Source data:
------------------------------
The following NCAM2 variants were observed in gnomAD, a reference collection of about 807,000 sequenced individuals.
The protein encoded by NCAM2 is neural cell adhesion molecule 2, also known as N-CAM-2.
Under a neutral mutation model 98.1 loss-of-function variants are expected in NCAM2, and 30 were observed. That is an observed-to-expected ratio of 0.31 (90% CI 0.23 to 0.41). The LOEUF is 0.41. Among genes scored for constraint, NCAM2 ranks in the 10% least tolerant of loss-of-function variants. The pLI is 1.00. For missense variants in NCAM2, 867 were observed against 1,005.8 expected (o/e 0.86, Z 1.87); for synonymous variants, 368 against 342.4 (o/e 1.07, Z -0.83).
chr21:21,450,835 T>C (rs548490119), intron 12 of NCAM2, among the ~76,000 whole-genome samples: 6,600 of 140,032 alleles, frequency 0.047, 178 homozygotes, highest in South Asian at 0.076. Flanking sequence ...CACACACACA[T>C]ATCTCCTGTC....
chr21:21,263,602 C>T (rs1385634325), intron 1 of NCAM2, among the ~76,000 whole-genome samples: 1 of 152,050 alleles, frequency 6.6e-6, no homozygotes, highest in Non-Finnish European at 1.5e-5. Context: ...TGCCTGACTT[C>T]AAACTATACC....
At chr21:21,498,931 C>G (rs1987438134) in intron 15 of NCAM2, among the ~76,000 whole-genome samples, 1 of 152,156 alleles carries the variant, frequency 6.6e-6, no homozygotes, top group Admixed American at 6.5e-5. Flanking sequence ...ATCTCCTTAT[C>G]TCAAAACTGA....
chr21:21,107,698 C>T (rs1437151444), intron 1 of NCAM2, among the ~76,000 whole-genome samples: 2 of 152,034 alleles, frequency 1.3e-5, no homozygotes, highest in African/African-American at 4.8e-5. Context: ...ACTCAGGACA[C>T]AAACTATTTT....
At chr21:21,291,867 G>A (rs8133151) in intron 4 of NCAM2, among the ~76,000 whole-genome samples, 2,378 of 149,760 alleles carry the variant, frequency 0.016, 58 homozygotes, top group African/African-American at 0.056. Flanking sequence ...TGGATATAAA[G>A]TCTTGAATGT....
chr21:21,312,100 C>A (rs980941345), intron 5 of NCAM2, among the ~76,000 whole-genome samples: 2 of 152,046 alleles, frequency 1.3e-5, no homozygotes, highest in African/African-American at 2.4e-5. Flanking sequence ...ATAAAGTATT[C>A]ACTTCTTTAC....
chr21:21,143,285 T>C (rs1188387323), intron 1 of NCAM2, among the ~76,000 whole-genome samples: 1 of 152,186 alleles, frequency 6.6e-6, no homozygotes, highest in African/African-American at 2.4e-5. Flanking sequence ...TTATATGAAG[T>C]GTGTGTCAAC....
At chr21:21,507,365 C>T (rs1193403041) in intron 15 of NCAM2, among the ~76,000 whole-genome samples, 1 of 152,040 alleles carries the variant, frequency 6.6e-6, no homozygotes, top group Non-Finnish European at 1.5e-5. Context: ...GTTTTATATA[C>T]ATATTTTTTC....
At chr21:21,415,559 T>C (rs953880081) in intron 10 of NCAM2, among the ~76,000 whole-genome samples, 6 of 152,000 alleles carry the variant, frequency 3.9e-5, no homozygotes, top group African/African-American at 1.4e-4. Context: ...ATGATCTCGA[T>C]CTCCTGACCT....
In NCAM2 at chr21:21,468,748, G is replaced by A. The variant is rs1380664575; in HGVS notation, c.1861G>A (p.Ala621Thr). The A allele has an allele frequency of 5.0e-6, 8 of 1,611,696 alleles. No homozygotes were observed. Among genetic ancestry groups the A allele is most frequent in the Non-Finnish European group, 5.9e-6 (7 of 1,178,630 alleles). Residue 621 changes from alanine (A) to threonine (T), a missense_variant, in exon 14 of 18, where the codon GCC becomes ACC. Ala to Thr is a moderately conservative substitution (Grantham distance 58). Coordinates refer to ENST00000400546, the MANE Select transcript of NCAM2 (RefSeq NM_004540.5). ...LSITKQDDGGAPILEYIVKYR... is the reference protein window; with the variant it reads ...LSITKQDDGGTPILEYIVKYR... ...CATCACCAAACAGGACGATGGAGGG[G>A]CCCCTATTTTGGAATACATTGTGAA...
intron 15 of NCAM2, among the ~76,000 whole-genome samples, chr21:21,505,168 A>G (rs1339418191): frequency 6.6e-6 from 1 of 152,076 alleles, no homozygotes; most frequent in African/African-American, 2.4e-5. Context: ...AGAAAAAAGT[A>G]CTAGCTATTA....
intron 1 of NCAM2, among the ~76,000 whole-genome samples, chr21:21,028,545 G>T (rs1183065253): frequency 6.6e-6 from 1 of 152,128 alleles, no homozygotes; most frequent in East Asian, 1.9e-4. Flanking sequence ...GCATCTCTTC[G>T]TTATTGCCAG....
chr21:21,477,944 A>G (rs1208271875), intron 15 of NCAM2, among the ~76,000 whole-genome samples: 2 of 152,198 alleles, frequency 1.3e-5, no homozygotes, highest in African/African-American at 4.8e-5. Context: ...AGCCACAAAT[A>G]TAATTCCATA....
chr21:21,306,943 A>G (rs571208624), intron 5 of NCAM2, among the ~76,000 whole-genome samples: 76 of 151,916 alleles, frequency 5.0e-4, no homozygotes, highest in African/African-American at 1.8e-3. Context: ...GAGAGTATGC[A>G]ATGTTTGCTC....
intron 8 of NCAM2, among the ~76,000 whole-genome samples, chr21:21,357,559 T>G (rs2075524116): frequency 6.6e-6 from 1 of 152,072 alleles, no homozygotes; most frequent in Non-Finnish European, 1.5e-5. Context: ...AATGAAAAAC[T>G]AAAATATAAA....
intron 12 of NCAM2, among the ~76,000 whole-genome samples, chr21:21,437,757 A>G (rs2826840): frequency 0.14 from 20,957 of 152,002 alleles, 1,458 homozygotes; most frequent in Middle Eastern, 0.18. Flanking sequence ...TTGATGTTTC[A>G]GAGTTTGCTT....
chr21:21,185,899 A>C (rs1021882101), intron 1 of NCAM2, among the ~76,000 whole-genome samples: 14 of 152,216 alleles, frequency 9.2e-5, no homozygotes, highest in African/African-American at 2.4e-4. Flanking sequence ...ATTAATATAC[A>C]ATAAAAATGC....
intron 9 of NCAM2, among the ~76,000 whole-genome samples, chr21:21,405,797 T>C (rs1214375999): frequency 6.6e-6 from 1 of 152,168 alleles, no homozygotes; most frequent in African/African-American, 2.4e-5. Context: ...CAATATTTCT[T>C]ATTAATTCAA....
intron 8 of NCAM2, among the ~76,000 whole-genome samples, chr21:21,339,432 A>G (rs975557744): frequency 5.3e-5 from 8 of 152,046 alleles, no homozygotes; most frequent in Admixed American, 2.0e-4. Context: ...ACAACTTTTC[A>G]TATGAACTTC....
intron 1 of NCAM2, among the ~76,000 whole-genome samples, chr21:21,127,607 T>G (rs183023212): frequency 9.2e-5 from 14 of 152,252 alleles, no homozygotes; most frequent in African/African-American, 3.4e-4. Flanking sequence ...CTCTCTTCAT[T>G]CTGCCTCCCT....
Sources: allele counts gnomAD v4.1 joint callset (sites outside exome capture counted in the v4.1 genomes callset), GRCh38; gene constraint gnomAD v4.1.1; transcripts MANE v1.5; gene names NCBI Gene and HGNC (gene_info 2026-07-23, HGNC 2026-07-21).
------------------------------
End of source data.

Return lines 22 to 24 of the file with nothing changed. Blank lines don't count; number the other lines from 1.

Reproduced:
intron 8 of NCAM2, among the ~76,000 whole-genome samples, chr21:21,339,432 A>G (rs975557744): frequency 5.3e-5 from 8 of 152,046 alleles, no homozygotes; most frequent in Admixed American, 2.0e-4. Context: ...ACAACTTTTC[A>G]TATGAACTTC....
intron 1 of NCAM2, among the ~76,000 whole-genome samples, chr21:21,127,607 T>G (rs183023212): frequency 9.2e-5 from 14 of 152,252 alleles, no homozygotes; most frequent in African/African-American, 3.4e-4. Flanking sequence ...CTCTCTTCAT[T>G]CTGCCTCCCT....
Sources: allele counts gnomAD v4.1 joint callset (sites outside exome capture counted in the v4.1 genomes callset), GRCh38; gene constraint gnomAD v4.1.1; transcripts MANE v1.5; gene names NCBI Gene and HGNC (gene_info 2026-07-23, HGNC 2026-07-21).